One good thing about democracy is that it sees reality as many-sided. It is not a one way traffic. Democracy thieves in a market of ideas where everybody is free to express his or her own opinion, no matter how stupid it may may look like. That is what makes society strong and virile.
Democracy is like the Hegelian logic where the clash between thesis and antithesis will produce synthesis, which will in turn bring forth a new thesis, to continue the process. Thus, democracy is an on going process. It is not a finished product.
In democracy, there is no absolute truth, and there is no absolute reality. There is no one particular way of viewing things, but variety of ways. It is open-ended.
The advent of democracy in Nigeria in 1999 has given many people in the country the leverage, the impetus to freely express their views on various issues affecting the nation, without fear of being arrested, molested or intimidated, which marks the difference between constitutional democracy and military dictatorship.
However, within the past few weeks, there appears to be some serious threats to this much-cherished freedom of expression, as enshrined in the Nigerian Constitution. This could be attested to from the recent arrests and detention of some opposition activists, based on some trumped up allegations.
First, is the case of Deji Adeyanju, a chieftain of the Peoples Democratic Party (PDP), and unrepentant critic of the Buhari administration. He is currently languishing in a prison custody over a crime said to had been committed about nineteen years ago and which had earlier been tried and disposed off in a law court.
Adeyanju was charged for complicity in a series of murders committed in the year 2000. He was then charged before a Kano High Court between 2005 and 2009, which following the trial, discharged and acquitted him.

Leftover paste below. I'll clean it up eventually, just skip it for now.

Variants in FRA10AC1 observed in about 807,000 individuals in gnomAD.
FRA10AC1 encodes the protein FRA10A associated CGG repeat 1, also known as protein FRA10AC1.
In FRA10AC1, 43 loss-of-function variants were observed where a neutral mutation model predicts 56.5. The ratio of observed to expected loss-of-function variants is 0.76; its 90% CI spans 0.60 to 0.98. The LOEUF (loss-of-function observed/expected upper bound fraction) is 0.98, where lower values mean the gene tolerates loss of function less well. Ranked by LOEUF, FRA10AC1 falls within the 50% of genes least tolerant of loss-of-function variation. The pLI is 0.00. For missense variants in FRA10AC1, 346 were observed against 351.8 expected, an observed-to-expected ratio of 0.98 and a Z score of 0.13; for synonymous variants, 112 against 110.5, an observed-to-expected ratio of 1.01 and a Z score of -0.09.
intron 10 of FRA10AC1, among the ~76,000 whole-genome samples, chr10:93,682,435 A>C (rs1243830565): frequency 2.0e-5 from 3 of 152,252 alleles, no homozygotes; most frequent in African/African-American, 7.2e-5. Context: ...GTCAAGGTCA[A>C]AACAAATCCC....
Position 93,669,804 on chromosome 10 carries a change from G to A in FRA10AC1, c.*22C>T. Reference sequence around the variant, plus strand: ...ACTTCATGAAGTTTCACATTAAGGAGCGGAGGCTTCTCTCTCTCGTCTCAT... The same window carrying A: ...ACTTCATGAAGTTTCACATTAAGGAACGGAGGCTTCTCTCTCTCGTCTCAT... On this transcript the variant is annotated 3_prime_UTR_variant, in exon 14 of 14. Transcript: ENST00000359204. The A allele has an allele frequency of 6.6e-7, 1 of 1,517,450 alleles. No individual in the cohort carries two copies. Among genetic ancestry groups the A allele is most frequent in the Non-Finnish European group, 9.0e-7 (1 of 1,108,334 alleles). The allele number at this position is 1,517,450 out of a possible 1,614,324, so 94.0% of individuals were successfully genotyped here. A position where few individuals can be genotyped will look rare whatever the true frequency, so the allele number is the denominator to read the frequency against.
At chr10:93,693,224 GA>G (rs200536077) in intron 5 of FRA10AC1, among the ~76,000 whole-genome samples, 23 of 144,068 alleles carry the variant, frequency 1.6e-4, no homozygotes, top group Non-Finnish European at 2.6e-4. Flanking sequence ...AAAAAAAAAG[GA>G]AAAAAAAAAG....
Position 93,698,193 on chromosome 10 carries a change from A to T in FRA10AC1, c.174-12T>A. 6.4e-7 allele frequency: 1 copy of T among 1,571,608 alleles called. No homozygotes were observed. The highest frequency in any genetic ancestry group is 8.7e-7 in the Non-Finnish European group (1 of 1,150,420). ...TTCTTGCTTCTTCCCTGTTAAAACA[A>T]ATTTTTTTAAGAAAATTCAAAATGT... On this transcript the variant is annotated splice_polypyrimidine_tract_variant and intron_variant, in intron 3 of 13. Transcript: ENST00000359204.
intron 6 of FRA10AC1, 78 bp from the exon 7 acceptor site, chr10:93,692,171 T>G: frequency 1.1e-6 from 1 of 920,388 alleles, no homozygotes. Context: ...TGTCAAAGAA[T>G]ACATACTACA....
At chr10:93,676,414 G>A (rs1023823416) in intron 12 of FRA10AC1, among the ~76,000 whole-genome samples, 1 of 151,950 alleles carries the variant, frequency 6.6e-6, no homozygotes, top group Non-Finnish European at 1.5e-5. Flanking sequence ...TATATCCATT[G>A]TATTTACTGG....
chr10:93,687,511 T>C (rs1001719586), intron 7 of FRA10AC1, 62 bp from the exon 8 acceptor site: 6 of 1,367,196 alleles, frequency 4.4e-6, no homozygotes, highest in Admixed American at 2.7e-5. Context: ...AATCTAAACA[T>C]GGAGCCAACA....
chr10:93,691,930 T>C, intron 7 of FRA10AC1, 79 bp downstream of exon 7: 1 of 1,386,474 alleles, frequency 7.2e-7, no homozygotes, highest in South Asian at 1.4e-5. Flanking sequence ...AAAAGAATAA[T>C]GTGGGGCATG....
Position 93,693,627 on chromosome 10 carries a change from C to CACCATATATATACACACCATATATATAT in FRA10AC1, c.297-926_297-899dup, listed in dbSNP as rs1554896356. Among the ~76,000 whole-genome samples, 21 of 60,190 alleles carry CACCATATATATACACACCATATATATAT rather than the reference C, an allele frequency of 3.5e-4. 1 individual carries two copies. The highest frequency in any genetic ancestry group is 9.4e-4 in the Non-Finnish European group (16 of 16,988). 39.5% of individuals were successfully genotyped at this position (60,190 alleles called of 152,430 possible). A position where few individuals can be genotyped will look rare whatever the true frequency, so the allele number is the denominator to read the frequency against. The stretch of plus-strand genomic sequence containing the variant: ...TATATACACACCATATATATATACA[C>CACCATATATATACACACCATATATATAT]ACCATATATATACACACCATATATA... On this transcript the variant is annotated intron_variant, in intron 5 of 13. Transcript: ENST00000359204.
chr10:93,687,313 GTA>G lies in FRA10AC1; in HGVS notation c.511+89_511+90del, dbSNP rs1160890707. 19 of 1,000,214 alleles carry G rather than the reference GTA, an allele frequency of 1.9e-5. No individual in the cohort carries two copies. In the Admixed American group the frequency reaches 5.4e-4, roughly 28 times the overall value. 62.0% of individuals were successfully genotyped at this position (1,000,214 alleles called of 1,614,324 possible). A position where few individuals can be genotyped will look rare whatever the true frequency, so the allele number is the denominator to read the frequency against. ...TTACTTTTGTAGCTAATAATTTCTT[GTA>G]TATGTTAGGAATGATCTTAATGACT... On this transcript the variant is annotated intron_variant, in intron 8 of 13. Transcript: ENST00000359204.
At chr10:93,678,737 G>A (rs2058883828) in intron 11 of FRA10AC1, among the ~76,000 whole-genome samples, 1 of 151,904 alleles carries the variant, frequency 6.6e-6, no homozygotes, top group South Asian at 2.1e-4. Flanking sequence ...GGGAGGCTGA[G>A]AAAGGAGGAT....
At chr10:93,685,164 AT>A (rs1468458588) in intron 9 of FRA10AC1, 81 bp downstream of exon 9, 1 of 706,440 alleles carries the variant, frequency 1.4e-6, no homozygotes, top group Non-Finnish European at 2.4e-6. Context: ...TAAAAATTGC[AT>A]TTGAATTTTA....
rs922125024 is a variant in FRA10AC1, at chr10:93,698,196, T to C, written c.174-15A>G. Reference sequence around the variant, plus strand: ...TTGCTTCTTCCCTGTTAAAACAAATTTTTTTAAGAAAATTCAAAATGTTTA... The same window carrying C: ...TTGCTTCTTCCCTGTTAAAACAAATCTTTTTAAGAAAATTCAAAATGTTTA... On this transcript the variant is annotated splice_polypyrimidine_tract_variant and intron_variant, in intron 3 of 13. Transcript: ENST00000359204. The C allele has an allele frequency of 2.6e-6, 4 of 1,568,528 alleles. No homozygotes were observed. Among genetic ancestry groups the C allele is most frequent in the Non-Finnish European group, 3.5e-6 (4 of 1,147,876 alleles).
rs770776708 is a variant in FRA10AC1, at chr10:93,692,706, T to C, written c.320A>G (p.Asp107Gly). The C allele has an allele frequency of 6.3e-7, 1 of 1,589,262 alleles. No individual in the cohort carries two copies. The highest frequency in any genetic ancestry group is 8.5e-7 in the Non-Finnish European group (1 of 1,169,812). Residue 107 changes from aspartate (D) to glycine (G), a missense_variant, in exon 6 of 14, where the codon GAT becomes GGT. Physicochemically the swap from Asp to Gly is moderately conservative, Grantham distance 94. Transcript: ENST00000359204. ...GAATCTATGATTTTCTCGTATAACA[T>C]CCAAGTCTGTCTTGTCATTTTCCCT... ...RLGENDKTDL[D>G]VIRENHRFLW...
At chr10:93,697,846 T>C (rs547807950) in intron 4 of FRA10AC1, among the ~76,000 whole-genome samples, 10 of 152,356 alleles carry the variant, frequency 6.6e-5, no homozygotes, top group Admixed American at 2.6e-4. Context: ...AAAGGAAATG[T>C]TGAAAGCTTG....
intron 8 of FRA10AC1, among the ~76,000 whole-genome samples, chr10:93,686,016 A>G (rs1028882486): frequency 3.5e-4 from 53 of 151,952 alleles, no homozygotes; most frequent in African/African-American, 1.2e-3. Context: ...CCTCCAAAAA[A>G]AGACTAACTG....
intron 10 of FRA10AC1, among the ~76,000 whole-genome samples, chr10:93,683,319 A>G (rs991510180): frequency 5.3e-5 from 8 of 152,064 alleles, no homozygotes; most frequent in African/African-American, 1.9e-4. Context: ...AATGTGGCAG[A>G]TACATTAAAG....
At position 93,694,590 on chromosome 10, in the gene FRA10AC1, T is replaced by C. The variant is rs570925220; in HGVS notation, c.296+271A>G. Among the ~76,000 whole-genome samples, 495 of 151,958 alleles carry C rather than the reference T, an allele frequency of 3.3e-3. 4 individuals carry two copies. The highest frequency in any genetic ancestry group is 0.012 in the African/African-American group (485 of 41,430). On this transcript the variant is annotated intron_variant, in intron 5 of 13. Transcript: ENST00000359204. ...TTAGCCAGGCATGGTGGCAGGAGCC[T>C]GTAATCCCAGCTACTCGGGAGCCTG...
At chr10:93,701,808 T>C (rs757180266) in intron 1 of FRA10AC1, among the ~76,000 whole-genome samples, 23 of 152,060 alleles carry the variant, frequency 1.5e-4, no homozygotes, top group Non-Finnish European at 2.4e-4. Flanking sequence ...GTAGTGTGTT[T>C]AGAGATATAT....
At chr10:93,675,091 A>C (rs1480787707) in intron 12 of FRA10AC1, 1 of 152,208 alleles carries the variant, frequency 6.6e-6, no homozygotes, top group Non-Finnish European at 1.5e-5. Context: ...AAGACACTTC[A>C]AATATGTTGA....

But perhaps because Adeyanju had become thorn in the flesh, a critical opponent of the present administration, in December last year, that murder case was resurrected. He was then arrested and detained for five days, before being arraigned in a Magistrate Court in Kano on December 13, 2018.
While the Magistrate Court said that it had no power to try the case, it however ordered that Adeyanju be kept in prison custody till February 6, this year. The implication therefore, is that the government has succeeded in keeping the man out of circulation, and he would no longer be around to criticise the administration.
Then, there is the case of Dino Melaye, a vocal and controversial senator representing Kogi West in the National Assembly, who the Nigeria Police Force claimed to have crossed its path.
Early this year, and for eight long days, the police had laid siege in Melaye’s home over unsubstantiated allegations and vowed not to leave the house until the man surrendered to them. But the Senator had refused to show up, claiming that he had information that the Inspector General of Police had plans to poison him.
When finally the man could no longer withstand the power of the police, he surrendered, and was promptly arrested. Ever since, Melaye has been in the custody of the police, even when he was said to have suddenly fallen sick in hands of the police and was immediately rushed to an hospital.
And just last weekend, the Nigerian Army laid siege in both the Maiduguri and Abuja offices of the Daily Trust Newspapers, took some of their editors away, as well as some of their computers and other gadgets.
The Army said they took the action because the Newspaper had published some sensitive stories injurious to their operations against the Boko Haram insurgency. It was after many Nigerians had cried foul, that the Army decided to vacate Newspaper premises.
These are no cheering news. They are nothing to be celebrated. The muscling of vocal voices cannot make our society to grow. There must be criticisms, there must be divergent of opinions, different people seeing things differently, which is a necessary ingredient of democracy.
The current spate of arrests and detention of critics and opposition elements are ominous signs that there is danger ahead. It shows that the administration is becoming impatient or intolerable of criticism.
But there is no way society can grow if there are no criticisms, if everybody continues to see things the same way. There must be disagreements, and there must be divergent of opinions.